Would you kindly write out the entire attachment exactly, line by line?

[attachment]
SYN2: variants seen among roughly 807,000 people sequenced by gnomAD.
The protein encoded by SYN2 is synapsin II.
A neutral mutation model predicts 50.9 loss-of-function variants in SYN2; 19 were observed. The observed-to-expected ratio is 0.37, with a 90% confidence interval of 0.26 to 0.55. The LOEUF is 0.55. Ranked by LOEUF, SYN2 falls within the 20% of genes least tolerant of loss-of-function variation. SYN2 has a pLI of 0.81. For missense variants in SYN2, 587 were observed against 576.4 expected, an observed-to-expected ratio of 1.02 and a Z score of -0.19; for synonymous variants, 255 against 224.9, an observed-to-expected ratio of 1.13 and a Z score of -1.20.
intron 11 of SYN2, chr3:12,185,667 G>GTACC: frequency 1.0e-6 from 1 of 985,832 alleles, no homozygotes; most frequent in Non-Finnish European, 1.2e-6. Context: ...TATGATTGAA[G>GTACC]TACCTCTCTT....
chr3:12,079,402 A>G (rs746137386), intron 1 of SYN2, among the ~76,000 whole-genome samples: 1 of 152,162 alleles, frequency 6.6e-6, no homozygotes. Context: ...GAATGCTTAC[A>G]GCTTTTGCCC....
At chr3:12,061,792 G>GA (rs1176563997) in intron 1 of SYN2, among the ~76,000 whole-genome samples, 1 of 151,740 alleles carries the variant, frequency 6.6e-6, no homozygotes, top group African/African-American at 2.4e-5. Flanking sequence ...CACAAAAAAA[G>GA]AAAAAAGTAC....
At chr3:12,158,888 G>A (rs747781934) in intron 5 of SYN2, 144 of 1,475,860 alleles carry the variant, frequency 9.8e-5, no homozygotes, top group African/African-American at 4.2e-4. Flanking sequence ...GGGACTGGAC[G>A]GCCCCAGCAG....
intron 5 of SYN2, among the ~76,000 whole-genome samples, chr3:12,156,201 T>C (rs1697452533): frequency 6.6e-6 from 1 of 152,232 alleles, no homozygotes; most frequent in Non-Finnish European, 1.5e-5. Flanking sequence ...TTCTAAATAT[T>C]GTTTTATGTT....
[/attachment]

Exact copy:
SYN2: variants seen among roughly 807,000 people sequenced by gnomAD.
The protein encoded by SYN2 is synapsin II.
A neutral mutation model predicts 50.9 loss-of-function variants in SYN2; 19 were observed. The observed-to-expected ratio is 0.37, with a 90% confidence interval of 0.26 to 0.55. The LOEUF is 0.55. Ranked by LOEUF, SYN2 falls within the 20% of genes least tolerant of loss-of-function variation. SYN2 has a pLI of 0.81. For missense variants in SYN2, 587 were observed against 576.4 expected, an observed-to-expected ratio of 1.02 and a Z score of -0.19; for synonymous variants, 255 against 224.9, an observed-to-expected ratio of 1.13 and a Z score of -1.20.
intron 11 of SYN2, chr3:12,185,667 G>GTACC: frequency 1.0e-6 from 1 of 985,832 alleles, no homozygotes; most frequent in Non-Finnish European, 1.2e-6. Context: ...TATGATTGAA[G>GTACC]TACCTCTCTT....
chr3:12,079,402 A>G (rs746137386), intron 1 of SYN2, among the ~76,000 whole-genome samples: 1 of 152,162 alleles, frequency 6.6e-6, no homozygotes. Context: ...GAATGCTTAC[A>G]GCTTTTGCCC....
At chr3:12,061,792 G>GA (rs1176563997) in intron 1 of SYN2, among the ~76,000 whole-genome samples, 1 of 151,740 alleles carries the variant, frequency 6.6e-6, no homozygotes, top group African/African-American at 2.4e-5. Flanking sequence ...CACAAAAAAA[G>GA]AAAAAAGTAC....
At chr3:12,158,888 G>A (rs747781934) in intron 5 of SYN2, 144 of 1,475,860 alleles carry the variant, frequency 9.8e-5, no homozygotes, top group African/African-American at 4.2e-4. Flanking sequence ...GGGACTGGAC[G>A]GCCCCAGCAG....
intron 5 of SYN2, among the ~76,000 whole-genome samples, chr3:12,156,201 T>C (rs1697452533): frequency 6.6e-6 from 1 of 152,232 alleles, no homozygotes; most frequent in Non-Finnish European, 1.5e-5. Flanking sequence ...TTCTAAATAT[T>C]GTTTTATGTT....